Carroll County Times

Carroll commissioners settle lawsuit over prayer in meetings, despite citizens’ urging to keep fighting

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Former Commissioner Robin Frazier urged the current Board of Commissioners not to settle the prayer lawsuit Thursday and take the fight to the Supreme Court instead.

Not willing to risk more taxpayer dollars, Carroll County’s Board of Commissioners unanimously voted Thursday to settle a lawsuit to not lead prayers in their meetings, after numerous citizens told them doing so would cost them their First Amendment rights and the respect of Republican voters.

In Hake v. Carroll County, two residents in 2013 sued the county in the U.S. District Court of Maryland in Baltimore because they believe sectarian prayers at the start of commissioners’ meetings to be unconstitutional, according to Carroll County Times archives. The suit was filed against the 59th Board of Commissioners, which consisted of Haven Shoemaker, Richard Rothschild, Robin Frazier, David Roush and Doug Howard, county attorney Tim Burke said.


In settling the suit, the commissioners agreed not to have commissioner-led prayers at future meetings.

The settlement is not finalized until the judge signs a consent decree, which is expected to occur within the next few weeks, according to legal director and senior counsel Monica Miller of the American Humanist Association.


“We are looking forward to seeing the case finalized when the court signs our consent decree," Miller said. “We’re certainly pleased that it is going forward.”

The $125,000 will be awarded to the American Humanist Association, which provided legal counsel for the plaintiffs, to cover legal fees from the case. The association was also a plaintiff itself, Miller said. The association “advocates progressive values and equality for humanists, atheists, freethinkers, and the non-religious,” according to its website.

Bruce Hake, of Union Bridge, and Neil Ridgely, of Finksburg, originally brought forth the suit. Burke wrote in an email Thursday that two additional plaintiffs were added later, Carroll County residents Lauren Graybill and Judy Smith.

Burke said the 59th board adopted governing principles that, for the first time, stated each meeting would begin with a prayer led by one of the commissioners on a rotating basis. That action led to the lawsuit, he said.

The current board of commissioners takes a moment of silence at the start of its meetings.

“For me, it comes down to the responsibility we have to all the citizens of Carroll, and what we didn’t hear hear today is the myriad of emails we got from other folks in our county who are very much challenged by the fact that we do have the real good possibility of spending upwards of three-quarter to half-a-million dollars to pursue this,” Commissioner Stephen Wantz, R-District 1, said in the meeting.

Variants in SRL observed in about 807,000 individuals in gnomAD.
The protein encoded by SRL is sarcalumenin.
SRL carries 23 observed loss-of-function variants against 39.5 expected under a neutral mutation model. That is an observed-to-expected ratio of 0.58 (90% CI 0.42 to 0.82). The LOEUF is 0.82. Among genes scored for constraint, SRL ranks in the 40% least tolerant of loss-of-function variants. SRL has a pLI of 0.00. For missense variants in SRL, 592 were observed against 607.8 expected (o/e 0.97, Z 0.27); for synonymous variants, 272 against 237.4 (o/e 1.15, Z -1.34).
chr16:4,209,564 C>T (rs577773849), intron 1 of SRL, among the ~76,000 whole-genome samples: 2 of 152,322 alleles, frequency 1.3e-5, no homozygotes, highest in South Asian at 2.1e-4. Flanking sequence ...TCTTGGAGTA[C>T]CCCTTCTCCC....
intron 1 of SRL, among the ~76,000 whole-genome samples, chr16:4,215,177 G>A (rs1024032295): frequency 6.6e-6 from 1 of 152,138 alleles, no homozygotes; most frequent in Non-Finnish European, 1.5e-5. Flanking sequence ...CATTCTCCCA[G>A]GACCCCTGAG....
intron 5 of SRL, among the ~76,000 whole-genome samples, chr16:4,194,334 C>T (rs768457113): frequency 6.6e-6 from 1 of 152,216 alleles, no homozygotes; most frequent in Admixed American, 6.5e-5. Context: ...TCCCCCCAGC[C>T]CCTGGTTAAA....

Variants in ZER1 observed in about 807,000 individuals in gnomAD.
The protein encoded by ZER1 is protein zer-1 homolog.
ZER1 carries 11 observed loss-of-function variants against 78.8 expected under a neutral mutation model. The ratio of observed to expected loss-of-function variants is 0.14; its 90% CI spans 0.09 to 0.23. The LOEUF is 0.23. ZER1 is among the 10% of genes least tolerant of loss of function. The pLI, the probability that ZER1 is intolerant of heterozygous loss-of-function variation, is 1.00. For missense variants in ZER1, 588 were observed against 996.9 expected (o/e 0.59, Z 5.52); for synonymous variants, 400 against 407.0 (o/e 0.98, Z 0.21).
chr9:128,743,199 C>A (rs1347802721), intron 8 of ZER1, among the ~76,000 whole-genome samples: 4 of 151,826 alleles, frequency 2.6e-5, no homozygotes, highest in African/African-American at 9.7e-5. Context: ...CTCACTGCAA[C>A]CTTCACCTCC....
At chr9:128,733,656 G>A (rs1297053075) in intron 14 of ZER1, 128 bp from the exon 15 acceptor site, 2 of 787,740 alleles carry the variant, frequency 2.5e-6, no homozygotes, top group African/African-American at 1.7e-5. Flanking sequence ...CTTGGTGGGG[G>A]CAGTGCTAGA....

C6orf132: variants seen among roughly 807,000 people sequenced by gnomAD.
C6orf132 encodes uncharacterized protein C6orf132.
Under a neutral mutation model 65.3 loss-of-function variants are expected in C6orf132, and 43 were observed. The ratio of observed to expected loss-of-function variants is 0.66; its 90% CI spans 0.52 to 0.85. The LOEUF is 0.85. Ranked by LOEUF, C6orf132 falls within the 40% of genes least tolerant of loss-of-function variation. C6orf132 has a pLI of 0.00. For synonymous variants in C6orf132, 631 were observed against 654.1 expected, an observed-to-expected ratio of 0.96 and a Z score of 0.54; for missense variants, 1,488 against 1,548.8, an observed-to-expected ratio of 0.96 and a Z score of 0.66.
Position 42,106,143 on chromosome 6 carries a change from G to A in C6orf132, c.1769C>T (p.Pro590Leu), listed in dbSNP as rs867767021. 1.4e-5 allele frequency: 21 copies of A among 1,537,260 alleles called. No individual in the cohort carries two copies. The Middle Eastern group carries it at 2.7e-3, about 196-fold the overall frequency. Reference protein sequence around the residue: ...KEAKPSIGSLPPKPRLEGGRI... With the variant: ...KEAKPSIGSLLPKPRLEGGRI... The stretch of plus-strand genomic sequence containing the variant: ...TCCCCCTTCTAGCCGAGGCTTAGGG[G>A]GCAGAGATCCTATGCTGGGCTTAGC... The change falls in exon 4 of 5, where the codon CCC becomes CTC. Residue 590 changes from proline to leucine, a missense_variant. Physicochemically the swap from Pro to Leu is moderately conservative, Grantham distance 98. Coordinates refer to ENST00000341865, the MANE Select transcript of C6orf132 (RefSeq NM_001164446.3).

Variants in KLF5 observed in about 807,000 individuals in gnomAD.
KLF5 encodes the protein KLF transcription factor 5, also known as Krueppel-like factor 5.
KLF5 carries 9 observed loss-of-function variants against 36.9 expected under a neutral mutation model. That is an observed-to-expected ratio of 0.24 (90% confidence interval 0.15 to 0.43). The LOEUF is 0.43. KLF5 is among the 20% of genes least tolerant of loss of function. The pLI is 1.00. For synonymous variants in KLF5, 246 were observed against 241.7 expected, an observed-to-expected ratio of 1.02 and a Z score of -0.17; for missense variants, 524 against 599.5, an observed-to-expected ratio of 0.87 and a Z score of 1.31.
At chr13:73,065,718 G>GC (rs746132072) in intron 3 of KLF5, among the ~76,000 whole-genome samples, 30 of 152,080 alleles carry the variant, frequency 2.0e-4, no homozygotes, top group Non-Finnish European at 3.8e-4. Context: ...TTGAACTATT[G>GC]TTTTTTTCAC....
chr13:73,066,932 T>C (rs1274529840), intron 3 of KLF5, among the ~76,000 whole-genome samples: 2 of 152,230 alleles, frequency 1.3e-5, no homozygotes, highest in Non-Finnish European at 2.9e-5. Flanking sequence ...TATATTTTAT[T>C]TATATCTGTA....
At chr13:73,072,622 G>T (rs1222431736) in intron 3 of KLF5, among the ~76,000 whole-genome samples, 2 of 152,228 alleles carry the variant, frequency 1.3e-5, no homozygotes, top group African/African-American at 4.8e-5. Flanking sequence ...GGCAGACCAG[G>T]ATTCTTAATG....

The case was put on hold for years, pending the resolution of a similar case in North Carolina, also in the Fourth Circuit Court, according to Burke. In Lund v. Rowan County, North Carolina, the plaintiffs demanded the Rowan County Board of Commissioners cease opening government meetings with prayers, and the Fourth Circuit struck down the prayer practice as unconstitutional, according to the American Civil Liberties Union website. Burke said the decision was reached just last year.

Citizens push back

Fourteen citizens used Thursday’s public comment period to voice their opposition to the settlement. Many cited religious freedom and freedom of speech as reasons to push the case forward, and several suggested the commissioners take it all the way to the U.S. Supreme Court.


Former commissioner Robin Frazier, who was on the board when the lawsuit launched, attended the meeting and spoke during public comment.

“This lawsuit came from Democrats,” Frazier said. “It’s time to take a stand.”

When the lawsuit came about, the court issued an injunction that stopped the commissioners from saying “Jesus Christ” or “savior” in its prayers, Frazier said. It was later lifted after the 2014 Town of Greece v. Galloway decision, according to Burke.

Even when commissioners are elected, they do not lose their rights as citizens, Frazier said.

Katherine Adelaide of the Carroll County Republican Central Committee reminded the commissioners they represent a majority-conservative county.

“Please support your fellow Republicans and don’t do this,” Adelaide said. “I consider it blackmail by two Democrats on the Democratic Central Committee, who are represented by the humanist coalition. You are not to represent them, you are to represent us. You are to have a backbone and a spine and take a stand today."


Another citizen said he was “shocked” to see a Republican board consider a settlement.

“If the Carroll County Board of Commissioners decides to vote in favor of paying the American Humanist Association, then I expect them to give $125,000 to every other religious organization also, because a failure to do so would be violating the exact amendment that is in discussion now,” Nathan Mateer of Eldersburg said.